Exodus 12:21-28

21. Then Moses called for all the elders of Israel, and said unto them, Draw out, and take you a lamb, according to your families, and kill the passover.

21. Vocavit ergo Moses omnes seniores Israel, et dixit ad eos, Extrahite et tollite vobis pecudem pro familiis vestris, et macate Pesah.

22. And ye shall take a bunch of hyssop, and dip it in the blood that is in the bason, and strike the lintel and the two side-posts with the blood that is in the bason; and none of you shall go out at the door of his house until the morning.

22. Accipietis quoque fasciculum hyssopi, et intingetis in sanguine qui erit in pelvi, et projicietis in superliminare et in utrunque postem de sanguine qui erit in vase. Vos autem non egrediemini quisque ex hostio domus suae usque mane.

23. For the Lord will pass through to smite the Egyptians; and when he seeth the blood upon the lintel, and on the two side-posts, the Lord will pass over the door, and will not suffer the destroyer to come in unto your houses to smite you.

23. Et transibit Jehova ad percutiendam AEgyptum: ubi autem viderit sanguinem in superliminari et in duobus postibus, tunc transiliet Jehova januam illam, neque permittet vastatorem ingredi domos vestras ad percutiendum.

24. And ye shall observe this thing for an ordinance to thee and to thy sons for ever.

24. Observabitis sermonem hunc in edictum, tibi et filiis tuis usque in saeculum.

25. And it shall come to pass, when ye be come to the land which the Lord will give you, according as he hath promised, that ye shall keep this service.

25. Et quum ingressi fueritis terram quam dabit Jehova vobis, sicut pollicitus est, tunc observabitis cultum hunc.

26. And it shall come to pass, when your children shall say unto you, What mean ye by this service?

26. Et erit quum dixerint vobis filii vestri, Quis est cultus hic vester?

27. That ye shall say, It is the sacrifice of the Lord's passover, who passed over the houses of the children of Israel in Egypt, when he smote the Egyptians, and delivered our houses. And the people bowed the head, and worshipped.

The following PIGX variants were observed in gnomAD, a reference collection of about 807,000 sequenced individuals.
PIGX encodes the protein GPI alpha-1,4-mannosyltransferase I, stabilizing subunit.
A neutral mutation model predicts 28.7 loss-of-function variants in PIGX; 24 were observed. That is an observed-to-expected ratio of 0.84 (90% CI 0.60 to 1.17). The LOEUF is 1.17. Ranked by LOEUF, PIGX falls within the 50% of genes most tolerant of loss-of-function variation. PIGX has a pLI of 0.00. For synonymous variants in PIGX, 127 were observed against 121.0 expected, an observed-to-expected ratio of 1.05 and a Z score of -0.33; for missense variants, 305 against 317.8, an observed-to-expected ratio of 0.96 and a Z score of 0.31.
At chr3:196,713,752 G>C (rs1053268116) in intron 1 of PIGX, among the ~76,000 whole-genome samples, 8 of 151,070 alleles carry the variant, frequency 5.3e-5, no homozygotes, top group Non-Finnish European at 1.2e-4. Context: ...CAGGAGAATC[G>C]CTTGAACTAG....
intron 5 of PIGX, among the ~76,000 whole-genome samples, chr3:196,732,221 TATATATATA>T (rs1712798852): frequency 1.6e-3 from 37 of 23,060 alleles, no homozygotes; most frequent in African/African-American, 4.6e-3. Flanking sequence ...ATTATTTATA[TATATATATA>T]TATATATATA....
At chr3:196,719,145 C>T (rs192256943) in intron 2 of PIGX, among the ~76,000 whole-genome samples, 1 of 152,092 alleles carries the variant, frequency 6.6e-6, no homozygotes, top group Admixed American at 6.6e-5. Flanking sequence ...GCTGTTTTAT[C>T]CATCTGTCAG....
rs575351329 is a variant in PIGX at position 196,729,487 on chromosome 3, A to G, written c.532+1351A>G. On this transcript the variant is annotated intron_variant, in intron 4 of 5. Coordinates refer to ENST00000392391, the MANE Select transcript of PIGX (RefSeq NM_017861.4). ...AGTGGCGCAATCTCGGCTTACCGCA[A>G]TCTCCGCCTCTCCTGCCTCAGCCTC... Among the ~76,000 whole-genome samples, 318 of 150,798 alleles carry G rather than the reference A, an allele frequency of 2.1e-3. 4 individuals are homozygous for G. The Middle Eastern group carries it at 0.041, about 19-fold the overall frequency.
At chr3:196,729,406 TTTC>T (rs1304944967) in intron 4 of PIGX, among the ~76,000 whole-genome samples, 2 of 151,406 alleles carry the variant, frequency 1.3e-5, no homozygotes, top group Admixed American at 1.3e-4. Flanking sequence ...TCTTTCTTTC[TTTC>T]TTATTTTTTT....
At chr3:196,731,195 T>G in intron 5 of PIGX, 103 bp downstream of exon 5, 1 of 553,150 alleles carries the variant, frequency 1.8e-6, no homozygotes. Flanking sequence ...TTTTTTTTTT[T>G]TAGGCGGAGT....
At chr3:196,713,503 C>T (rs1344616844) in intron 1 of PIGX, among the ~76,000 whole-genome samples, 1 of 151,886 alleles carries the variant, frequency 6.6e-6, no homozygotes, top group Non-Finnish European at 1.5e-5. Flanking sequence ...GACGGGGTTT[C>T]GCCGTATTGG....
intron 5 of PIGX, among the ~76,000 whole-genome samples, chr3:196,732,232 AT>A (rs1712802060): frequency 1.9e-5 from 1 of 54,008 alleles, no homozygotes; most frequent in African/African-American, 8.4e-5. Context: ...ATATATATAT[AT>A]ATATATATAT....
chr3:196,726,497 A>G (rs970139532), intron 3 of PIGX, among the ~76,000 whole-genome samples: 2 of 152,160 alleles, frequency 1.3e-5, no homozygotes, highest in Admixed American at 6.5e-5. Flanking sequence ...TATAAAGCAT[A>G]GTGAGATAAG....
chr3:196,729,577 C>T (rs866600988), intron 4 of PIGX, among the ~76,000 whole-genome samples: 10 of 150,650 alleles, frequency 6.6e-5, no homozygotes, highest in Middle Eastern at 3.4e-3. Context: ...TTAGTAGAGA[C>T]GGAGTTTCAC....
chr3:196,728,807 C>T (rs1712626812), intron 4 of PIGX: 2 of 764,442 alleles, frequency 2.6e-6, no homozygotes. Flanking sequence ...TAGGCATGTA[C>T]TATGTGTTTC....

27. Tunc dicetis, Haec est oblatio Pesah Jehovae, qui transivit domos filiorum Israel in AEgypto, quum percuteret AEgyptum, et domos nostras liberavit. Et incurvavit se populus, et adoravit.

28. And the children of Israel went away, and did as the Lord had commanded Moses and Aaron, so did they.

28. Ablerunt itaque et fecerunt filii Israel sicut praeceperat Jehova Mosi et Aharon; sic, inquam, feterunt.

I have here omitted what Moses has related in the beginning of the chapter up to this verse, because it pertains to the perpetual doctrine of the Law. I shall hereafter insert it in its proper place. But., since here also God gave precepts as to the observation of the Passover, I have thought it right to interweave them with the history; because Moses does not merely teach here what God would have observed by His people in all ages, but relates what He required on a particular occasion. But my readers are to be reminded that some precepts are temporary, and some perpetual, like the Law itself. Of this we may see a clear and familiar example in the chapter before us. For up to this place, Moses had explained what; would be the due observation of the Passover year by year for ever; but now he only relates historically, that, on the night in which the people went forth, they celebrated the Passover according' to God's command. I shall, therefore, lightly touch upon what is here repeated; since a more fitting place for a full exposition will be, when we come to the doctrine of the law. The word hop, 1 pesech, means a passing-over, not of the people, (as many have falsely thought,) but of God Himself, who passed over the houses of the Israelites without harm, when He slew the first-born in all Egypt. Since, then, the wrath of God, which then like a deluge covered the whole of Egypt, left the Israelites untouched, He instituted a memorial of His passing-over, whereby they had been preserved in safety amidst the public destruction of the whole land. He is also said to have passed-over the Egyptians, whom He deprived of their first-born; but after a different manner, because He spared His chosen ones, as if they had been far away, or protected in places of sure refuge.